Cherries, Healthful and Cute

CherriesWhen it comes to cute, cherries are up there with kittens and tiny Japanese erasers.  Cherries have always been one of my favorite things to eat, and as a former champion of Ms. Pacman, I have fond memories of fleeing ghosts in hot pursuit of bouncing cherries and bonus points.

Cherries, it turns out, have real-life bonus points too.  A study out of the University of Michigan indicates that eating one and a half servings of tart cherries could significantly boost antioxidant activity in the body.


Previous studies  in animals have demonstrated that a cherry-enriched diet can lower blood cholesterol levels and reduce triglycerides, reduce body weight, and the belly fat which is associated with increased heart disease risk and type 2 diabetes.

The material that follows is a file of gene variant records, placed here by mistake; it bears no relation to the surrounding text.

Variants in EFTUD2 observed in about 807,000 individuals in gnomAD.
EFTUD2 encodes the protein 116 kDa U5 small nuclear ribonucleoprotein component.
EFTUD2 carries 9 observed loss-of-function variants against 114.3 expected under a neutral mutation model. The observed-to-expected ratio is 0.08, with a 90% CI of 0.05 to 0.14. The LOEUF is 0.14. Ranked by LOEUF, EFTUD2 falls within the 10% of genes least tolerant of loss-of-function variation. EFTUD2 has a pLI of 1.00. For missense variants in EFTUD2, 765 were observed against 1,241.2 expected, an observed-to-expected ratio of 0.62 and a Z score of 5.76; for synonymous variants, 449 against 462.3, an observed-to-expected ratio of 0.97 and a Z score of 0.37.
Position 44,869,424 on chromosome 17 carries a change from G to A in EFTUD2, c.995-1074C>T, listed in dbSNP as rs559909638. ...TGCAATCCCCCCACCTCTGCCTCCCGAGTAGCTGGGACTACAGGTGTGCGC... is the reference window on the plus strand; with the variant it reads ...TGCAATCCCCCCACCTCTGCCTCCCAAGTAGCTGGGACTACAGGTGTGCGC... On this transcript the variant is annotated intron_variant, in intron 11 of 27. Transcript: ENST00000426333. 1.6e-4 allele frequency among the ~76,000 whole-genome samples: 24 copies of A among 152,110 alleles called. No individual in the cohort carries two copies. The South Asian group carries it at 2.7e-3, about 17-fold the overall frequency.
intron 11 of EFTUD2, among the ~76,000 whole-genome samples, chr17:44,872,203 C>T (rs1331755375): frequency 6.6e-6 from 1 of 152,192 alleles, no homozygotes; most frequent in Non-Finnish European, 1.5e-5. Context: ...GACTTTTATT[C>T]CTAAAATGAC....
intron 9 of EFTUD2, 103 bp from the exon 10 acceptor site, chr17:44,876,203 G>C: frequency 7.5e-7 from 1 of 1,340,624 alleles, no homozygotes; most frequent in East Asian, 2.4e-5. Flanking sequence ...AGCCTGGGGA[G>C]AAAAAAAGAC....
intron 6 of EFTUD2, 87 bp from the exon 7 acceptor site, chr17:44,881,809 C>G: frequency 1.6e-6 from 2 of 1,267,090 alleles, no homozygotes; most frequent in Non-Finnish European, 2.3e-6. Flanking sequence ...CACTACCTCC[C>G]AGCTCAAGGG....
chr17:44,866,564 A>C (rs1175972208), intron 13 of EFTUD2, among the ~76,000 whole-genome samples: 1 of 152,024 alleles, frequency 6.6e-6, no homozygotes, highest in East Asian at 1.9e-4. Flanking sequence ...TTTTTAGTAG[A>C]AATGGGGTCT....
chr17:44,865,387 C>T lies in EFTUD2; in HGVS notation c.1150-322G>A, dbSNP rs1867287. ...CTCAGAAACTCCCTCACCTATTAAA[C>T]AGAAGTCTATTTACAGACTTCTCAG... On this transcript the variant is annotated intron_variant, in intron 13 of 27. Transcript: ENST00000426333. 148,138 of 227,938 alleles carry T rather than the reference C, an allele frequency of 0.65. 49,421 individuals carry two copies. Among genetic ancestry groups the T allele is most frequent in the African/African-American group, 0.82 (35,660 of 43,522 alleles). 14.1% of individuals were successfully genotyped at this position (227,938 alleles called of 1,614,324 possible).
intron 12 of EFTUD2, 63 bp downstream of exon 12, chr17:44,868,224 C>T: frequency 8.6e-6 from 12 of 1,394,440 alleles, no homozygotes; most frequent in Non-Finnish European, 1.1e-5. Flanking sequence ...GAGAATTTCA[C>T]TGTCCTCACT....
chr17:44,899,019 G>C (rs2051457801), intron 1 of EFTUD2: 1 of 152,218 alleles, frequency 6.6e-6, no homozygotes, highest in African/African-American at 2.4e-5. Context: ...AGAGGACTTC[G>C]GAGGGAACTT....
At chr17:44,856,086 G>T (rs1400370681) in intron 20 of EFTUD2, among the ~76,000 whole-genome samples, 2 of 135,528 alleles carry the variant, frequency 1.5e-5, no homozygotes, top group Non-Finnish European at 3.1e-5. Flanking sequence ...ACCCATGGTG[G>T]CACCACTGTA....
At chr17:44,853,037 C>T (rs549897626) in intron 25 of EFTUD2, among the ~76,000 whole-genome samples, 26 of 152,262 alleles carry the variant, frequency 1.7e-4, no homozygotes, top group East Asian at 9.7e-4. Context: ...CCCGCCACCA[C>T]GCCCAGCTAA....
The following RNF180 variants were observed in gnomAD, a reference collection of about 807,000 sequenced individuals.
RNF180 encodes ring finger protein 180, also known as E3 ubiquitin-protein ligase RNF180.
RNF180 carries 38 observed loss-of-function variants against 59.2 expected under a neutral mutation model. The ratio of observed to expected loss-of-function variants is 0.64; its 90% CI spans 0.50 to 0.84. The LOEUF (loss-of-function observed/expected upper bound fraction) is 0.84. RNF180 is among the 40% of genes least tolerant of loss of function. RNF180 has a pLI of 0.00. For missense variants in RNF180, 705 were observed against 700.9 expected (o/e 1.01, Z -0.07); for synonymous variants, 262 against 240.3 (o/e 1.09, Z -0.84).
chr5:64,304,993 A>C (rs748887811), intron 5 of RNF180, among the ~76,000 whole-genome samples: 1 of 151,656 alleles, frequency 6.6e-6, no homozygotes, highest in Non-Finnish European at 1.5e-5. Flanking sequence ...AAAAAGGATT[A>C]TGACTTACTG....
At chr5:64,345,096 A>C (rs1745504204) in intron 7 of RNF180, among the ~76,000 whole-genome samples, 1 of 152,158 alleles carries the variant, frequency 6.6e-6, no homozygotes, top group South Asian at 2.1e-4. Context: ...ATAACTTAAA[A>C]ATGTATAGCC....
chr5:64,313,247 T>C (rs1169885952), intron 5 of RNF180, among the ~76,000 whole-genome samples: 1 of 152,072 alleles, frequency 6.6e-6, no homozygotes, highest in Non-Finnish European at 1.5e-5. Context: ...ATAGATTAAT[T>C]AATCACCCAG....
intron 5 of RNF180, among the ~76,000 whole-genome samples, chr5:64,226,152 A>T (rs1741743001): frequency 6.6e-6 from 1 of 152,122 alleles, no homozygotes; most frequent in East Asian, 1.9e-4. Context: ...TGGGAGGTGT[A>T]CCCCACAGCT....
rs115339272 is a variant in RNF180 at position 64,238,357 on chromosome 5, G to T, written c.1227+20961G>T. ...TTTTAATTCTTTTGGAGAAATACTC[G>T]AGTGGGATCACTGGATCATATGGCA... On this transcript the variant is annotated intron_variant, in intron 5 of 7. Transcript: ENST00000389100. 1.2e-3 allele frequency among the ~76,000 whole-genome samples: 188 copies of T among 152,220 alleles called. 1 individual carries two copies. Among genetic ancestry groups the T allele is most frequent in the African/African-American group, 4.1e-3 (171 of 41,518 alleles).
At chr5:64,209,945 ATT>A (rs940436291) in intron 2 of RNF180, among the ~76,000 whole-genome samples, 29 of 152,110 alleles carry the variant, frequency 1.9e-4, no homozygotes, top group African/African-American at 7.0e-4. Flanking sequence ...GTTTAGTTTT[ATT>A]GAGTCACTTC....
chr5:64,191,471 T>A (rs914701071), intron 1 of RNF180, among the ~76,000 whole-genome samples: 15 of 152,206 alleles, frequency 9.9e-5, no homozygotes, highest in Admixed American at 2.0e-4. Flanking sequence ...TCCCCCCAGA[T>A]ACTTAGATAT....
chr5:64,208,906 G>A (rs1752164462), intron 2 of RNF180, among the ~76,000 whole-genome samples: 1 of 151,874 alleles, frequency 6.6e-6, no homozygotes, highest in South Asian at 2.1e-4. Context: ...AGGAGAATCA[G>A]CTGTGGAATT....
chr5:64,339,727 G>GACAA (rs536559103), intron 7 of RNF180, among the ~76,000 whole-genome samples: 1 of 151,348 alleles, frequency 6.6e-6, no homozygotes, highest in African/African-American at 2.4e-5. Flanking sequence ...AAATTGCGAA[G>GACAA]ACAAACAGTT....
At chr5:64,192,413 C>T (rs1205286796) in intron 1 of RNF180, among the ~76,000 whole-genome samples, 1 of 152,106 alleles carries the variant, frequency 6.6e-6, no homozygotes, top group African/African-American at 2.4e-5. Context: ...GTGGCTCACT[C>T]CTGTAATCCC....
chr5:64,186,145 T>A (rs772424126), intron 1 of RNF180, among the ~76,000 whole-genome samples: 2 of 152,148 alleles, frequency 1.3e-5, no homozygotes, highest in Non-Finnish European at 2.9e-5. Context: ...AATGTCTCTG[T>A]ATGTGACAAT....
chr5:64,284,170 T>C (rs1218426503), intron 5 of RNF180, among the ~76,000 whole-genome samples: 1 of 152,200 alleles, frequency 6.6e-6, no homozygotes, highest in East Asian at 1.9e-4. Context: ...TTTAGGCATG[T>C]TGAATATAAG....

And here’s more good news about cherries for athletes and long distance runners (especially if they run low during exercise): Research from Oregon Health & Science University revealed that runners who drank cherry juice twice a day for seven days prior to and on the day of a long-distance relay had significantly less muscle pain following the race than those who drank another fruit juice beverage.  Researchers believe cherries’ post-exercise benefits are likely because of the fruit’s natural anti-inflammation properties.

Most importantly for people with diabetes, cherries are low in carbohydrates.  One cup of fresh cherries has 20-25 grams of carbohydrates (depending on how sweet they are).  They also have a low glycemic index.  Summer is peak season for cherries, so open-wide like Ms Pacman and  indulge.  Cherries make a perfect snack or dessert.  No sweetener necessary.

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